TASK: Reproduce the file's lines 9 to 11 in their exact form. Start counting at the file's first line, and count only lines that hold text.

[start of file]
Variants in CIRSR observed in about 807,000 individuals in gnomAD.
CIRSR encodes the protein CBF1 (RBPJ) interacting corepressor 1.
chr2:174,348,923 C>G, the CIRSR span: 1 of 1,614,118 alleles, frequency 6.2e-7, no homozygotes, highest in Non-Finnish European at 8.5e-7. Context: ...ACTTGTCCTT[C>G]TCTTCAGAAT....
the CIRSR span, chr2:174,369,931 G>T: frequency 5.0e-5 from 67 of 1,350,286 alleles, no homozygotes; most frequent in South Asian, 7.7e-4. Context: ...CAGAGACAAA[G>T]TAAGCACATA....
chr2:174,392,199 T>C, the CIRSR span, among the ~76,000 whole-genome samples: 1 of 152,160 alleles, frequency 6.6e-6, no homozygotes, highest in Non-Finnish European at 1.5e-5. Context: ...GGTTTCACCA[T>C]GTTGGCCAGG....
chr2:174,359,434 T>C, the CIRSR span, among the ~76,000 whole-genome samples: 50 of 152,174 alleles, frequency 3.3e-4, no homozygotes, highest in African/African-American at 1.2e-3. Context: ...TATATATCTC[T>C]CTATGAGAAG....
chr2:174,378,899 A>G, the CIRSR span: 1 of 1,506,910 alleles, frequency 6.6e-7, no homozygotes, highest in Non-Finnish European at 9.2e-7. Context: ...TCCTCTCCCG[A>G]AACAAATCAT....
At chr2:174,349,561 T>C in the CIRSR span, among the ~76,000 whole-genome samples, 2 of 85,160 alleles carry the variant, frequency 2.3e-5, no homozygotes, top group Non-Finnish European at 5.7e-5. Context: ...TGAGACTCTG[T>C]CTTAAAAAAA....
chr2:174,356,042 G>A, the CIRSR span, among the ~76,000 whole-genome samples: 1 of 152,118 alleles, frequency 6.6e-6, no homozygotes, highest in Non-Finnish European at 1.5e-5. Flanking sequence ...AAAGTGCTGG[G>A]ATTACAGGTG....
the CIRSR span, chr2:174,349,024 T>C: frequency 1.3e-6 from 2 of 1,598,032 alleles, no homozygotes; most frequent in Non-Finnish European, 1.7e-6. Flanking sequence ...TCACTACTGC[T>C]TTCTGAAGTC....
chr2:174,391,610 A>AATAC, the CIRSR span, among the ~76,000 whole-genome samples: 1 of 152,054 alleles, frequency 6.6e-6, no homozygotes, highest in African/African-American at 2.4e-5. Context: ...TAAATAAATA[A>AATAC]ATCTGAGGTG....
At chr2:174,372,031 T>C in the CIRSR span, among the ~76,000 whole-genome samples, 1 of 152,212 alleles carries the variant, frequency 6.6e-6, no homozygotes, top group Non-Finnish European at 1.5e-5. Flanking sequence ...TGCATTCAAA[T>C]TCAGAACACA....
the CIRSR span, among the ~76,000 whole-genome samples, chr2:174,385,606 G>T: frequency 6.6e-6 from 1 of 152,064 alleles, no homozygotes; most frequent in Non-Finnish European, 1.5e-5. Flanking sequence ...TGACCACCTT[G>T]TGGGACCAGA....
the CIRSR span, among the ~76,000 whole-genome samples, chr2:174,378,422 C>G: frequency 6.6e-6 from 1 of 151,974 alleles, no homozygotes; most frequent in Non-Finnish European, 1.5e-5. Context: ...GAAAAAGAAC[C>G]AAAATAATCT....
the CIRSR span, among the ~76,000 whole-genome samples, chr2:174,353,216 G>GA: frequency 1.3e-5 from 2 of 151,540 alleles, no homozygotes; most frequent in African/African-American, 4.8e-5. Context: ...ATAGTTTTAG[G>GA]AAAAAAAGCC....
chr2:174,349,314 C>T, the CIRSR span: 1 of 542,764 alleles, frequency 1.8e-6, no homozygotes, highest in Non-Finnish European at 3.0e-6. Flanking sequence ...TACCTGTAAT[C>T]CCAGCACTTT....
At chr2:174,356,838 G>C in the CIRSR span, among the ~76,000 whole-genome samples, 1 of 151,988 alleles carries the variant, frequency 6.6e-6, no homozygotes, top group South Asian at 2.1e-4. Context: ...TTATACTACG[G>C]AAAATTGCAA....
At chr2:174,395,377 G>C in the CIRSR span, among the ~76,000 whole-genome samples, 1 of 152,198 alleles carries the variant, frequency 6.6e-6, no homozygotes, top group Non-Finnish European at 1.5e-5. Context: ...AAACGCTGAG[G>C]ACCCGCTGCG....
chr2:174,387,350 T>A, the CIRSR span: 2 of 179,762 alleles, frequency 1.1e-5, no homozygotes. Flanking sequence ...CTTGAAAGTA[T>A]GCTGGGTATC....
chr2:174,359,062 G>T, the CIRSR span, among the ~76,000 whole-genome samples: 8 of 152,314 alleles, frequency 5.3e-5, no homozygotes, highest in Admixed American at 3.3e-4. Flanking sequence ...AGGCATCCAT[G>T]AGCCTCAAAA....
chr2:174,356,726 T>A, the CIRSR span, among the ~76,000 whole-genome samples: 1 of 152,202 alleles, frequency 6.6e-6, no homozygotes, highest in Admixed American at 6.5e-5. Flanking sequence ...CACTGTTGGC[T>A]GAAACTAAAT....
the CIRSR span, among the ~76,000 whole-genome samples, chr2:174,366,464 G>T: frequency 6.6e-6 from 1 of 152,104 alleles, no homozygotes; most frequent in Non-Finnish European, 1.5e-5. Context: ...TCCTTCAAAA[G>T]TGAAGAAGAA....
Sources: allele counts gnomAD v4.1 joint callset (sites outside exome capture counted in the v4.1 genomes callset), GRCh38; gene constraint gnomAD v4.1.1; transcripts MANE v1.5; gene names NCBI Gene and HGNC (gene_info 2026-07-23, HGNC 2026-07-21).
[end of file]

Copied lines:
chr2:174,356,042 G>A, the CIRSR span, among the ~76,000 whole-genome samples: 1 of 152,118 alleles, frequency 6.6e-6, no homozygotes, highest in Non-Finnish European at 1.5e-5. Flanking sequence ...AAAGTGCTGG[G>A]ATTACAGGTG....
the CIRSR span, chr2:174,349,024 T>C: frequency 1.3e-6 from 2 of 1,598,032 alleles, no homozygotes; most frequent in Non-Finnish European, 1.7e-6. Flanking sequence ...TCACTACTGC[T>C]TTCTGAAGTC....
chr2:174,391,610 A>AATAC, the CIRSR span, among the ~76,000 whole-genome samples: 1 of 152,054 alleles, frequency 6.6e-6, no homozygotes, highest in African/African-American at 2.4e-5. Context: ...TAAATAAATA[A>AATAC]ATCTGAGGTG....